The case could force Trump to reveal more about his finances and how he has obtained his loans. James has included the sale of his D.C. hotel in her complaint, alleging that it was the result of a Deutsche loan “he was able to obtain by using his false and misleading statements.” Trump was deposed by James’s office in April, but the contents so far have not been made public.
Separately, Alvin Bragg (D), the district attorney in New York City, is continuing to investigate a similar financial fraud case but has not decided on whether to file charges.
The James case could also draw more scrutiny, even indirectly, to Trump’s business with Axos. Ely, the banking analyst, said it is inevitable that the Axos loans will be viewed in a political lens, with questions asked about whether a borrower or lender has leverage over the other. In past instances, Trump’s lenders have been drawn into an array of investigations, most recently with Deutsche probed by congressional Democrats.
“Trump is like flypaper,” Ely said. “He draws regulatory attention, and there is reputational risk in that for a bank.”
Offit, the former Deutsche banker who once approved loans for Trump, said the negative publicity would have dissuaded him from getting into business with the former president.
“It’s just not worth it,” said Offit. “At some point, you can’t make enough money.”
But Garrabrants said his job is “not to be politicizing banking . . . would it really be the case you’d want a society where somebody who was prominent would be denied financial services from any institution? . . . I think the answer is, ‘No.'”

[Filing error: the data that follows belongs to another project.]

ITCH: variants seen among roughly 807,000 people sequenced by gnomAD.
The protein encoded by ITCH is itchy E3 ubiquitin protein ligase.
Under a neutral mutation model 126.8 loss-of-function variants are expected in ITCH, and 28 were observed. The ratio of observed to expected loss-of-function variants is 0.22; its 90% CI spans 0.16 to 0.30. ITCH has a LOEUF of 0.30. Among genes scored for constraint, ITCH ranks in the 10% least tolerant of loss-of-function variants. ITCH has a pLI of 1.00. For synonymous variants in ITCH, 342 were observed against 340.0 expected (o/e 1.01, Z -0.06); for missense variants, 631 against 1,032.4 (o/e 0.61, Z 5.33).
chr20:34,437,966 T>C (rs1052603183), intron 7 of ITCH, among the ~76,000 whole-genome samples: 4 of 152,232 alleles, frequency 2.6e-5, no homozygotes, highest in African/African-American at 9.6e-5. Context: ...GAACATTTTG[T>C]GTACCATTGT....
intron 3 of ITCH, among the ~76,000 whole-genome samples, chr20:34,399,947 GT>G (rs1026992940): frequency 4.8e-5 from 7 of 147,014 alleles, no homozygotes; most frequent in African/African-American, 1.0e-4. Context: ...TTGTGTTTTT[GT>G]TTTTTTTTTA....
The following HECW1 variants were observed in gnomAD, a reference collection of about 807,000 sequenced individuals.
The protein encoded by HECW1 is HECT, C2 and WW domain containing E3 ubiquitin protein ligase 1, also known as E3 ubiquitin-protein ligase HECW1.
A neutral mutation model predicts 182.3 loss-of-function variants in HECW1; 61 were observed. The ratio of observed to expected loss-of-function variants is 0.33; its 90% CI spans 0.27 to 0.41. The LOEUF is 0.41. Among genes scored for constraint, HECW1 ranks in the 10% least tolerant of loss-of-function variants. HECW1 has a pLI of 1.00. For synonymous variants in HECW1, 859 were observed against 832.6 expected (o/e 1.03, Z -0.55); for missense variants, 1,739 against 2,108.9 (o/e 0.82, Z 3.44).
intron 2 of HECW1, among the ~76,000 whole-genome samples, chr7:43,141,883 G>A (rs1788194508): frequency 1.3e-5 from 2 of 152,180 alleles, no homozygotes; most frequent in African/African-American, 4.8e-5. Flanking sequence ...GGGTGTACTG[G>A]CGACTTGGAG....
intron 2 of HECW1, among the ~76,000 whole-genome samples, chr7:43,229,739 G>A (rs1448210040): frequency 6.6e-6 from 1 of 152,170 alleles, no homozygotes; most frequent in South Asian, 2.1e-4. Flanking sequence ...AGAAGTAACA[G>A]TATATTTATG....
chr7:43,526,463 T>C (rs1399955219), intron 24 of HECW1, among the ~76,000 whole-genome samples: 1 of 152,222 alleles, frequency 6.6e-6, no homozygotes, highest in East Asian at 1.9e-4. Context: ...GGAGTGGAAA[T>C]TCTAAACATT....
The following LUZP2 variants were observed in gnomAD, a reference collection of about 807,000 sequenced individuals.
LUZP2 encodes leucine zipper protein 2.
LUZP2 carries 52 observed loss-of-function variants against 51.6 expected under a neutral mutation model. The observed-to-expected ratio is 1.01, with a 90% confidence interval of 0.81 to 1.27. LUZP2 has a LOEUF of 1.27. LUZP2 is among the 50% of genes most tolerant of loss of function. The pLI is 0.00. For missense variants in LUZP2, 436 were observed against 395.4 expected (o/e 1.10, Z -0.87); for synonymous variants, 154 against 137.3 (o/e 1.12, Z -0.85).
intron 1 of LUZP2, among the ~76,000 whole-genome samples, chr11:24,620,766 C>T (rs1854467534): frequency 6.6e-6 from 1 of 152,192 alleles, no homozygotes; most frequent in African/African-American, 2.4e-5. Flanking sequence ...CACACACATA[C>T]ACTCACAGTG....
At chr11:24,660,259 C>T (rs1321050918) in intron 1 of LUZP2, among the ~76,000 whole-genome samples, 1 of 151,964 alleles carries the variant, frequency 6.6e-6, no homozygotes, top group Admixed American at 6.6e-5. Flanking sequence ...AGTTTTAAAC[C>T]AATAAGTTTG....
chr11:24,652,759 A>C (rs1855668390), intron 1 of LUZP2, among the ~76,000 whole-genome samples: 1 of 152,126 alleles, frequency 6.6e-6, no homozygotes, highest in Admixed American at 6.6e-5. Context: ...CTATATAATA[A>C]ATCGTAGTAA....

Asked his views about Trump’s actions on Jan. 6, 2021 – which the former president indicated earlier this month had made him the target of a federal grand jury probe – Garrabrants declined to respond directly, saying, “if I ever decide to run for political office, which I have no intention to do so, but if I do that, I’ll make sure that I am prepared to answer a wide variety of questions about different political events that occur.”
Nor did Garrabrants express concern about Trump’s history of corporate bankruptcies, his lawsuit against Deutsche, or his statement that “what the hell did I care” if banks were repaid.
“All I can say is that, if people don’t pay, I take their stuff,” Garrabrants said. “And I make sure their stuff is worth way, way more than enough to pay me.”